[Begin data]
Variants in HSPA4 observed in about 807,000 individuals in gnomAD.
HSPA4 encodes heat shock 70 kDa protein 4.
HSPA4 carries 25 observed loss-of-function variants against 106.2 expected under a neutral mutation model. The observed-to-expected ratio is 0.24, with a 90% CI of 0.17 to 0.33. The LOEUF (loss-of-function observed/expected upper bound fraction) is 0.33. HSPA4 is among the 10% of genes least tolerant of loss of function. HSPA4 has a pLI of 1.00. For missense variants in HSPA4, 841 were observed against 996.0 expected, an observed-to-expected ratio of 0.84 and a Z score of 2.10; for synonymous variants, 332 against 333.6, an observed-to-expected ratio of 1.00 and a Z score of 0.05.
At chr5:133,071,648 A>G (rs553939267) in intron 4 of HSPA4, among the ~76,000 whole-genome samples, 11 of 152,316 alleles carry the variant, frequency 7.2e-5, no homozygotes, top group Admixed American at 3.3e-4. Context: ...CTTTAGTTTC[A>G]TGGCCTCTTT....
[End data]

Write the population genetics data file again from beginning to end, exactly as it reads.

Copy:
Variants in HSPA4 observed in about 807,000 individuals in gnomAD.
HSPA4 encodes heat shock 70 kDa protein 4.
HSPA4 carries 25 observed loss-of-function variants against 106.2 expected under a neutral mutation model. The observed-to-expected ratio is 0.24, with a 90% CI of 0.17 to 0.33. The LOEUF (loss-of-function observed/expected upper bound fraction) is 0.33. HSPA4 is among the 10% of genes least tolerant of loss of function. HSPA4 has a pLI of 1.00. For missense variants in HSPA4, 841 were observed against 996.0 expected, an observed-to-expected ratio of 0.84 and a Z score of 2.10; for synonymous variants, 332 against 333.6, an observed-to-expected ratio of 1.00 and a Z score of 0.05.
At chr5:133,071,648 A>G (rs553939267) in intron 4 of HSPA4, among the ~76,000 whole-genome samples, 11 of 152,316 alleles carry the variant, frequency 7.2e-5, no homozygotes, top group Admixed American at 3.3e-4. Context: ...CTTTAGTTTC[A>G]TGGCCTCTTT....